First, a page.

Behind the table where we sat and sketched my designs is the on-site factory where tailors and seamstresses are hard at work whipping up unique one-of-a-kind creations for their global clientele. If you, like me, are fascinated by the way clothes are made just ask if you can go in and visit. Don’t expect a detailed guided tour but you’ll be allowed to be a fly on the wall as you stand in amazement at how quickly and precisely the artisans at Be Be work. It’s a rare opportunity to have a behind-the-scenes look at the clothing industry and actually be able to answer the question, who made my clothes?
Chung asks me to return for a fitting the following day. I leave feeling giddy and that I may be able to wear my designs the very next day. Most people only have 2 fittings within a 24-hour time span. However, I was in Hoi An for 3 weeks at that point so I’d return to Be Be over 10 times trying to get the items just right through major alterations and tiny adjustments.
The quality of the textiles, stitching, and customer service at Be Be is second to none but I really struggled with the fit. When making a tailored piece of clothing you expect the fit to be absolutely perfect. I think the seamstresses I worked with were eager to appease me and didn’t push back when I presented silhouettes or chose textiles that didn’t work well together or with my figure. Throughout the design process and fittings, I kept asking them if it all made sense and they never suggested any changes.
Unfortunately, after quite a few fittings, we ultimately gave up on the two dresses I had designed. I was disappointed that we couldn’t make the plaid linen dress I’d imagined work out. No matter what we did they couldn’t figure out how to adjust the dress so that I’d be able to lift my arms up at all without having the sleeves completely fall off and expose my breasts. After we dismissed this dress we moved on to create a mock bamboo fabric was billowing quite unattractively at the upper back and even after several adjustments still hung shapeless and loose at my bust and waist. I’m curvy, and I like it. I don’t want to hide behind my clothing, I want to accentuate what I have and celebrate my healthy body. Both dresses reminded me of a modern day Laura Ingle-Wilder but instead of Little House on the Prarie, the woman I envisioned wearing these dresses would be strolling the farmer’s markets in Provence with a basket full of flowers and heirloom tomatoes. I still dream about those dresses.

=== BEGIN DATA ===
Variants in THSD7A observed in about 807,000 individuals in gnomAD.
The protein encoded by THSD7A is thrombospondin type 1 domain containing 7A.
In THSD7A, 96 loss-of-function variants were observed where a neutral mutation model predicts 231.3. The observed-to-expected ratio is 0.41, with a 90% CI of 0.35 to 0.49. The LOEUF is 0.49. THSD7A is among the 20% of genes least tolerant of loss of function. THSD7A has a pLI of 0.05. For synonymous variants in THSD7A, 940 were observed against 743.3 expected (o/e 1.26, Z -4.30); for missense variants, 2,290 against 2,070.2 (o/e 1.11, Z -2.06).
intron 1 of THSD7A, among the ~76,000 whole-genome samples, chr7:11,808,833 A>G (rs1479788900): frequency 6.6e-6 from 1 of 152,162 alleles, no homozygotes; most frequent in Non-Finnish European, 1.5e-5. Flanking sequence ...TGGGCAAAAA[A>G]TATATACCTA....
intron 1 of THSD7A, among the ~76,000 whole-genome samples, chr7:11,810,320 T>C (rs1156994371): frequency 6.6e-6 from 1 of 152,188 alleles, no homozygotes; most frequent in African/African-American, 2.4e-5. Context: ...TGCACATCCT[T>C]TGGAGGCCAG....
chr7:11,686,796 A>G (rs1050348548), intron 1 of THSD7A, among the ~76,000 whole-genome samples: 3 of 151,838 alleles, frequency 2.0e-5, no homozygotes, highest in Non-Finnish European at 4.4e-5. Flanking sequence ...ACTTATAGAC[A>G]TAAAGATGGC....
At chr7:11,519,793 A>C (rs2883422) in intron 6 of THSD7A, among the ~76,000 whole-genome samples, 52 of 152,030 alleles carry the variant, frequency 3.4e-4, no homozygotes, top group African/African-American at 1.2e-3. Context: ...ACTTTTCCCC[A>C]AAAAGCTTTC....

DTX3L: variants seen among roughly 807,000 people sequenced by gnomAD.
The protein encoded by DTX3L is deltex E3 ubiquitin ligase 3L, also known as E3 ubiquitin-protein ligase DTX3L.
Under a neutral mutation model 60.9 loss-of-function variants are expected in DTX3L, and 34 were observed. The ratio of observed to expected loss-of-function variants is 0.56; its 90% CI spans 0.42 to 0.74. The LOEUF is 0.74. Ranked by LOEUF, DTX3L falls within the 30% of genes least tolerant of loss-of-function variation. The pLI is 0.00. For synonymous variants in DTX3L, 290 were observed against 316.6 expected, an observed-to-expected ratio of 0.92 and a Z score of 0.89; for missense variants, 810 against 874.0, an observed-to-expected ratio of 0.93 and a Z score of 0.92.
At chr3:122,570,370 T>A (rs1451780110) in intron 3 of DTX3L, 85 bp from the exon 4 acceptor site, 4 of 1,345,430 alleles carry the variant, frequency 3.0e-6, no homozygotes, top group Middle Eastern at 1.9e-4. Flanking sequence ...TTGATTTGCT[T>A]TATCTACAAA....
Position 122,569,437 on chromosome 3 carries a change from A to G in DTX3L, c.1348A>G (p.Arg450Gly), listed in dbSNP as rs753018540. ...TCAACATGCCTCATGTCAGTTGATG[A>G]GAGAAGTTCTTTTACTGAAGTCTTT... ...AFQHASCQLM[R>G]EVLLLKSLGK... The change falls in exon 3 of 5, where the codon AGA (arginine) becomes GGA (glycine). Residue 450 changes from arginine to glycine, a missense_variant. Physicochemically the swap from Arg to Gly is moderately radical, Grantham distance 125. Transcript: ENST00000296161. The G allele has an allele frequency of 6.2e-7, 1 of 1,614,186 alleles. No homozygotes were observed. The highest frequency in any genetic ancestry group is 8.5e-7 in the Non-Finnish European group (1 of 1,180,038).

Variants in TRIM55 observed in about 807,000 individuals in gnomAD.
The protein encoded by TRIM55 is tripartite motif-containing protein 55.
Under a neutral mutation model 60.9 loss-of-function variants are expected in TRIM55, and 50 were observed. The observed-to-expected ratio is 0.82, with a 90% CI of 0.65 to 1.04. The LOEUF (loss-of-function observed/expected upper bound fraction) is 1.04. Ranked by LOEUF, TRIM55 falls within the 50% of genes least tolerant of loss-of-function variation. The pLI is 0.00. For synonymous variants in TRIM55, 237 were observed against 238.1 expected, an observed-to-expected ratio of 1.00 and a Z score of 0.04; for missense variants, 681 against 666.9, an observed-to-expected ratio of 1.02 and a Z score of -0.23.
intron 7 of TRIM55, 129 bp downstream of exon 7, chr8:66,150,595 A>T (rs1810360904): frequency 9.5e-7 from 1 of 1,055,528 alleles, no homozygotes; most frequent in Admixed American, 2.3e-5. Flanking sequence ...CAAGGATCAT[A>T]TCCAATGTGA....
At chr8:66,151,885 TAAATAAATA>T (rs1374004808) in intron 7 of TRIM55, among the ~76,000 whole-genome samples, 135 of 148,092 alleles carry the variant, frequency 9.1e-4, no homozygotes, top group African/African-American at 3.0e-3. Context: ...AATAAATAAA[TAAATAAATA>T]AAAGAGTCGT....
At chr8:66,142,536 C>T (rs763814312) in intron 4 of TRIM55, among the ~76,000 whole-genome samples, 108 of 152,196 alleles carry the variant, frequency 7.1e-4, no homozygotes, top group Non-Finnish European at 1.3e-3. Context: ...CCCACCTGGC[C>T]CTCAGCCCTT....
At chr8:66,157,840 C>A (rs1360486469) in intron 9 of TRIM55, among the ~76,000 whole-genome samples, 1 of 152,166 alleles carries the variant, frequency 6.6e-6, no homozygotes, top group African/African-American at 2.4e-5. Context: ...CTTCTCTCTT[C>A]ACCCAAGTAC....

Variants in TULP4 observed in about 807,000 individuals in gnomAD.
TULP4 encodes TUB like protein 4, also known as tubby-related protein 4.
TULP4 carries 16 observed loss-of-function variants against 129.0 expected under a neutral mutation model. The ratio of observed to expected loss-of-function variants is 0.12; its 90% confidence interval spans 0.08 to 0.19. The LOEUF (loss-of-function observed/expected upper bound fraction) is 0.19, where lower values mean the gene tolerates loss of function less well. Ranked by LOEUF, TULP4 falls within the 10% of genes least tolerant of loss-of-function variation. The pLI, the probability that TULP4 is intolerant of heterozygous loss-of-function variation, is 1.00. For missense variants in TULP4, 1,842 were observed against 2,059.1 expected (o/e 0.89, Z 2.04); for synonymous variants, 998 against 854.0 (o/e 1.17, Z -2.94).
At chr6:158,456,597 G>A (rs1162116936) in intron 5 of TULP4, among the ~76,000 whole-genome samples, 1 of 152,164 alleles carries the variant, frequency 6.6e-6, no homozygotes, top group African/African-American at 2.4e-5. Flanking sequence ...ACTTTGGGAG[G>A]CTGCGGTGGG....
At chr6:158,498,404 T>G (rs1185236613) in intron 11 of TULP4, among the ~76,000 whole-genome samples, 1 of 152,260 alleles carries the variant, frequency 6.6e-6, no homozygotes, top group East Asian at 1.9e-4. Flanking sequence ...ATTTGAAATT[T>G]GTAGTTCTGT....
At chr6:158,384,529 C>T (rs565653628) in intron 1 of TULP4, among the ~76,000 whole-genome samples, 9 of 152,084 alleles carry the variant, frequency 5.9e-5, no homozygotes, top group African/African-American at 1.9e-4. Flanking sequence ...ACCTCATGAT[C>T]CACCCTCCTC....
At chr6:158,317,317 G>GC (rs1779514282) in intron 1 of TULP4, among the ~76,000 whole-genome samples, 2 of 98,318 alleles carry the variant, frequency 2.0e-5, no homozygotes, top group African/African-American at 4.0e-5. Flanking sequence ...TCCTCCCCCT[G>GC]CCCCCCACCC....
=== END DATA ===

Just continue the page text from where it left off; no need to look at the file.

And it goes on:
All that being said, I’d do the whole 10-fittings and two destroyed dresses again just for this dreamy jumpsuit of mine. It’s an item I cherish knowing the love that went into creating this very special garment. It’s without a doubt the fanciest thing in my backpack and when I wear it I feel like a trillion dong. I am so appreciative of the dedication of the Be Be creative team members who worked with me to get the jumpsuit just right. They did major work on the waistline and bust until I was happy with the way it looked. My Be Be jumpsuit is one of my most precious travel souvenirs.